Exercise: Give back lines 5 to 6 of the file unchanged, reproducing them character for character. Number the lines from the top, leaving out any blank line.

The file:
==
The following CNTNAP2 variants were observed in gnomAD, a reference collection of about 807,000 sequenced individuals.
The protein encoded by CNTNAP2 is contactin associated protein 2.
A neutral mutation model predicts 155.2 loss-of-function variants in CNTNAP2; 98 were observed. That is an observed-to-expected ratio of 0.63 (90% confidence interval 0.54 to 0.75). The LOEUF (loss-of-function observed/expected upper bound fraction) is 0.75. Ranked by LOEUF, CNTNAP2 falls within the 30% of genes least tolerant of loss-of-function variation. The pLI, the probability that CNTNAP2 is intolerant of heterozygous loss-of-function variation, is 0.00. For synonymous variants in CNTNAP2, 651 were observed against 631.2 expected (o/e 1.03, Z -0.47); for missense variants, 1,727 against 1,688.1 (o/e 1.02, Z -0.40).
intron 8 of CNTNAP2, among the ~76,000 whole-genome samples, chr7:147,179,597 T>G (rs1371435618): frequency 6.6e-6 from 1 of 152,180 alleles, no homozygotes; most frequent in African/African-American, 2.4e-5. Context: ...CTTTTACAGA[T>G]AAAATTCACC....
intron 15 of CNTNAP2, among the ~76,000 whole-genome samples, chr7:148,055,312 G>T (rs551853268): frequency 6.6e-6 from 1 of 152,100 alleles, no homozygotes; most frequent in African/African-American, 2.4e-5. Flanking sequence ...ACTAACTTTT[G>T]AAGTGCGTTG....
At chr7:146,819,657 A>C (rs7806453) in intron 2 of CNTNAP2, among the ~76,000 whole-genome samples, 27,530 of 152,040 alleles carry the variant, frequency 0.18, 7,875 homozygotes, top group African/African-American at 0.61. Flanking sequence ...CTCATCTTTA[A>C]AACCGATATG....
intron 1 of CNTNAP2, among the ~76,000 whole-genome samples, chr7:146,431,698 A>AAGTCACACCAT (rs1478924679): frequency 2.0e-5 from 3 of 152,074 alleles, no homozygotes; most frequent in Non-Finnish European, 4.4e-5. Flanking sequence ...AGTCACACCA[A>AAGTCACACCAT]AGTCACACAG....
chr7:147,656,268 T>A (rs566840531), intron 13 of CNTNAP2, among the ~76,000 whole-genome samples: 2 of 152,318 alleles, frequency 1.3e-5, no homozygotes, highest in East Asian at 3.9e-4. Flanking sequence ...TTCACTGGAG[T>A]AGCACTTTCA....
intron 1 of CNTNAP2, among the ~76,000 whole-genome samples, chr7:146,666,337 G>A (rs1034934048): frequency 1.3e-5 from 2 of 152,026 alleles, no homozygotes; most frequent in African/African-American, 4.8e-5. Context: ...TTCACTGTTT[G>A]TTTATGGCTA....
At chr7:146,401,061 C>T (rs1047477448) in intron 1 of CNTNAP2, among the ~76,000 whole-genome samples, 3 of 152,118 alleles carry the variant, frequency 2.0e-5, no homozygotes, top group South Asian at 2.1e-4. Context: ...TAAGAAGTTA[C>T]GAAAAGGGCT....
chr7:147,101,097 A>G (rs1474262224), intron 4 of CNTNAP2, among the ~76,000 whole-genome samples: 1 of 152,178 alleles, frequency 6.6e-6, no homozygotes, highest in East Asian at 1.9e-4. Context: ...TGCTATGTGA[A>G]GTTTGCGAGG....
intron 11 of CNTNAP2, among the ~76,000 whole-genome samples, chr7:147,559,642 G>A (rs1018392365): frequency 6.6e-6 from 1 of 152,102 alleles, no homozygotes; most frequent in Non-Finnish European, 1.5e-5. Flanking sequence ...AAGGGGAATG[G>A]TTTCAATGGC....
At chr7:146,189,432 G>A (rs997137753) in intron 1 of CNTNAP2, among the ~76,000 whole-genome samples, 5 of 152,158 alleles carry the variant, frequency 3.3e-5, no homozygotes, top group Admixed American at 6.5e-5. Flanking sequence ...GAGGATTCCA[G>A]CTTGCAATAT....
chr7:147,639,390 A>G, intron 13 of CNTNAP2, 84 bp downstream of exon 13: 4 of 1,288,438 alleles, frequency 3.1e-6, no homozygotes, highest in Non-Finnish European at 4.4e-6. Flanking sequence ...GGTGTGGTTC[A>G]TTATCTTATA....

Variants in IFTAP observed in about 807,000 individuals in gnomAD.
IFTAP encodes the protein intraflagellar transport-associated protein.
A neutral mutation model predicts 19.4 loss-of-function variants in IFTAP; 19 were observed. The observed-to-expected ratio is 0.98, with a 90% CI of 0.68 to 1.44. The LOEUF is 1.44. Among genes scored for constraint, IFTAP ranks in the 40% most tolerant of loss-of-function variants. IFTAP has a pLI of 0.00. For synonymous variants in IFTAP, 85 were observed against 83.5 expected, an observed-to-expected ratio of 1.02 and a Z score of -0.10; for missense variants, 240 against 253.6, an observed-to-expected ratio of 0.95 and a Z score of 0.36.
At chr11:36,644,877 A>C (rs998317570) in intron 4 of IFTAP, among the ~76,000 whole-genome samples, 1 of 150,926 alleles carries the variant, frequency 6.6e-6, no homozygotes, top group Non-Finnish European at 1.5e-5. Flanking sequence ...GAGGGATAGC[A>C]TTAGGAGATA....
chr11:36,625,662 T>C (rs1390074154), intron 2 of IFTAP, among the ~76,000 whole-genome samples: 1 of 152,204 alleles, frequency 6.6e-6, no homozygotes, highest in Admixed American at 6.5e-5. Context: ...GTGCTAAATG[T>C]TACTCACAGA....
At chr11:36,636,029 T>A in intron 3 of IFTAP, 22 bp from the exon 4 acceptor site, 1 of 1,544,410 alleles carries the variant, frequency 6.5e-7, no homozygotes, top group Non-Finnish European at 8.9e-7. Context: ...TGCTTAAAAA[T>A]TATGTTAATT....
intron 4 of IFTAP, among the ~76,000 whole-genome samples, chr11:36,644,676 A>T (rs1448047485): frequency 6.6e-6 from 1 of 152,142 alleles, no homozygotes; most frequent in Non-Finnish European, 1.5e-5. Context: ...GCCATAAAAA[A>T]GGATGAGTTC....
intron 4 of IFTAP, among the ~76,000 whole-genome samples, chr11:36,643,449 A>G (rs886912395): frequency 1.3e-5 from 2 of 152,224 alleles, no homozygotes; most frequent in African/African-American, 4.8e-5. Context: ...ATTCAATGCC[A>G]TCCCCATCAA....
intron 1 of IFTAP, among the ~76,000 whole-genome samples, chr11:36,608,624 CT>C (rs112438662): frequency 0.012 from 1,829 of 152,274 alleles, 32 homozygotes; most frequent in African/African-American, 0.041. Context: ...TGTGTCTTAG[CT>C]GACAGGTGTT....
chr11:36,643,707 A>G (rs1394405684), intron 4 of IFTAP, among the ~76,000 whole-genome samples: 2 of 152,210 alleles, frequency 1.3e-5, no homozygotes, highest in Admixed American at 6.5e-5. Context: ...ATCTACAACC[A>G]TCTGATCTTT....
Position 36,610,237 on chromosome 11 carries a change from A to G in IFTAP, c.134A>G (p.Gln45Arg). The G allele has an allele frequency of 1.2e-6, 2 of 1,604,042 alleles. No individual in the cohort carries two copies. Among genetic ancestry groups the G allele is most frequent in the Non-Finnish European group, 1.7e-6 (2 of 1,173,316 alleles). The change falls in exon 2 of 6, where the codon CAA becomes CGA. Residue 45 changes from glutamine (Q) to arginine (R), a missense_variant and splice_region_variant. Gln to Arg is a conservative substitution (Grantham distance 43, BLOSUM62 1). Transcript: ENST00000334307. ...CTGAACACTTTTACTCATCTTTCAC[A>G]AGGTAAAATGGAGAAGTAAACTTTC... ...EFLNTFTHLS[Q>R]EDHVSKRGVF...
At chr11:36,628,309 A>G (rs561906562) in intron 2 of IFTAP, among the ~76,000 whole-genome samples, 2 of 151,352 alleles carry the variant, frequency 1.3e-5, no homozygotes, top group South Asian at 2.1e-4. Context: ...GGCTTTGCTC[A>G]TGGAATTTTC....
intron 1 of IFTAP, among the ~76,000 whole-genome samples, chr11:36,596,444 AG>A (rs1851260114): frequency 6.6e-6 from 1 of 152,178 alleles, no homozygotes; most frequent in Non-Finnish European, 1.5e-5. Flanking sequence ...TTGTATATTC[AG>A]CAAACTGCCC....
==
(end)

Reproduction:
intron 15 of CNTNAP2, among the ~76,000 whole-genome samples, chr7:148,055,312 G>T (rs551853268): frequency 6.6e-6 from 1 of 152,100 alleles, no homozygotes; most frequent in African/African-American, 2.4e-5. Flanking sequence ...ACTAACTTTT[G>T]AAGTGCGTTG....
At chr7:146,819,657 A>C (rs7806453) in intron 2 of CNTNAP2, among the ~76,000 whole-genome samples, 27,530 of 152,040 alleles carry the variant, frequency 0.18, 7,875 homozygotes, top group African/African-American at 0.61. Flanking sequence ...CTCATCTTTA[A>C]AACCGATATG....